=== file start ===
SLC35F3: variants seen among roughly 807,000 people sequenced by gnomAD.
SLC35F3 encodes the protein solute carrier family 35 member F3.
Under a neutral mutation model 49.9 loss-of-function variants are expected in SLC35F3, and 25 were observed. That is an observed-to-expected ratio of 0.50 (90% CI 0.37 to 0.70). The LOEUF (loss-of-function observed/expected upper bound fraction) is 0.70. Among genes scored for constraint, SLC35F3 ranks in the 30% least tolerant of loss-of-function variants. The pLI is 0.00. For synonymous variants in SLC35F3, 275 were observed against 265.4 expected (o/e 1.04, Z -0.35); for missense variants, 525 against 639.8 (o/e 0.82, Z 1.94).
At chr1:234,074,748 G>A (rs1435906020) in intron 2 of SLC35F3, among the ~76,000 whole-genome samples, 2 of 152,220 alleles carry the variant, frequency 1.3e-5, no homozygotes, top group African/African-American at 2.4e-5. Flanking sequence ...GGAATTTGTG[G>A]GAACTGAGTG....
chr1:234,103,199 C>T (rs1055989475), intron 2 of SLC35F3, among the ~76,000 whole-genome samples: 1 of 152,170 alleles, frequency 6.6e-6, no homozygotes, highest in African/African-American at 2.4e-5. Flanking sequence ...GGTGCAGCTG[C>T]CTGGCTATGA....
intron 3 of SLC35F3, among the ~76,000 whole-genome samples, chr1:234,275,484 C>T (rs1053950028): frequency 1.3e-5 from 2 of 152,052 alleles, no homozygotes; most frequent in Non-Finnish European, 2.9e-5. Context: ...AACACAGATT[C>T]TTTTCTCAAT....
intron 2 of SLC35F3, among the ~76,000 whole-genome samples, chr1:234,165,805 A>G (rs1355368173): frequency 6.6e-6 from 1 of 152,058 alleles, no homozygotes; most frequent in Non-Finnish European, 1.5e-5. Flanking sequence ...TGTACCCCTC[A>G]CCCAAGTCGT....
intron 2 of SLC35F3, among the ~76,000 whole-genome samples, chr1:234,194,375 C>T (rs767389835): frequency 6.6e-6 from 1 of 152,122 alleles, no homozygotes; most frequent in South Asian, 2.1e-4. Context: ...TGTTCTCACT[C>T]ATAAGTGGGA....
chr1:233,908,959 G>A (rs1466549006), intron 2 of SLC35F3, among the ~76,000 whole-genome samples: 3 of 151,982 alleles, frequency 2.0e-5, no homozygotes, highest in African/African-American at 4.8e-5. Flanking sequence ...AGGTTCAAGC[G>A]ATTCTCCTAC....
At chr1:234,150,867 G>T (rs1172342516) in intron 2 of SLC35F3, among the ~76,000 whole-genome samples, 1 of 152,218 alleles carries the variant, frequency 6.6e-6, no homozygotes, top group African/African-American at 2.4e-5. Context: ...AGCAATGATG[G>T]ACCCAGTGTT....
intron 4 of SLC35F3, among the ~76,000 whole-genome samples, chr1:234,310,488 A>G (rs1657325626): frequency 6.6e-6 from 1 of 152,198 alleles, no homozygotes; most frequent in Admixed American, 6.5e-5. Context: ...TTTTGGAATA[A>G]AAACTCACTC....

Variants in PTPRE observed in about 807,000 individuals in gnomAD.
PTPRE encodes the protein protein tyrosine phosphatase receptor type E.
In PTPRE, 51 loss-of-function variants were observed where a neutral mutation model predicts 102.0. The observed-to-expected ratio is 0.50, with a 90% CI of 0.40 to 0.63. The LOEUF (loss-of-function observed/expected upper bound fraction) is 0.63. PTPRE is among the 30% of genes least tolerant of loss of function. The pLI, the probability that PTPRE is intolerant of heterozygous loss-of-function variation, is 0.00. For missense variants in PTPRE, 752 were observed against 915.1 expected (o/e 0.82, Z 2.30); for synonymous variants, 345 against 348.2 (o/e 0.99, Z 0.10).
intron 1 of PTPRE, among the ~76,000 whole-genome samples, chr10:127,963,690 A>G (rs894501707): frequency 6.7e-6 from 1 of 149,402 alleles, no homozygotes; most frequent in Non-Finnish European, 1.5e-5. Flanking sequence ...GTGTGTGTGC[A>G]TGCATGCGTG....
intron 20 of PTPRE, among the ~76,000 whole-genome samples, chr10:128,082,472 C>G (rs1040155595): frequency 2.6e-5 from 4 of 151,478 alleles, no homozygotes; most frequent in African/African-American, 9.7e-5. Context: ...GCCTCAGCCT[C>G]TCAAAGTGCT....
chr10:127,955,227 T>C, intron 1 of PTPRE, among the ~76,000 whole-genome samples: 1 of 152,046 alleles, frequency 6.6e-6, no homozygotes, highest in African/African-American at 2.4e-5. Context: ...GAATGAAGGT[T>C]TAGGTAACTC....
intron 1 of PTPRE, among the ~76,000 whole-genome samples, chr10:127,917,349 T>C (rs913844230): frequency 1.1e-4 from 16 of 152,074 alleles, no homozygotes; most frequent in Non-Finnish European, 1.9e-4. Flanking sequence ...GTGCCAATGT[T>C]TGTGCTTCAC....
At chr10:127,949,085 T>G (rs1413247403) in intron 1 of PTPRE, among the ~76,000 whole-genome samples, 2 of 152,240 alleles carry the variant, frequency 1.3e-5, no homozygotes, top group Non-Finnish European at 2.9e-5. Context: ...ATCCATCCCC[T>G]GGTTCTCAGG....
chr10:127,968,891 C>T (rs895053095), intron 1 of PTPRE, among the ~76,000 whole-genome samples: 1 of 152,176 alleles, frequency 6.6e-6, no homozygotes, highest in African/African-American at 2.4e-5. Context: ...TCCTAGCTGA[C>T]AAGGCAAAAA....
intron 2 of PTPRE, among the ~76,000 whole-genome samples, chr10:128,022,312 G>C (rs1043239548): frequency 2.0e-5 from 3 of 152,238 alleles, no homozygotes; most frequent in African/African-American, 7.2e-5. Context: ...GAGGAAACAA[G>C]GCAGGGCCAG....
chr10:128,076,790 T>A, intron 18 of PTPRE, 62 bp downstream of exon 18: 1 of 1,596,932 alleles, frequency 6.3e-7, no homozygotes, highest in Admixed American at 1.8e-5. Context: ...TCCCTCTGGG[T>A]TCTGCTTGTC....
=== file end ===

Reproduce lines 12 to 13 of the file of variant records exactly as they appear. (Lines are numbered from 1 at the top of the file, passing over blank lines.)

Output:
Variants in PTPRE observed in about 807,000 individuals in gnomAD.
PTPRE encodes the protein protein tyrosine phosphatase receptor type E.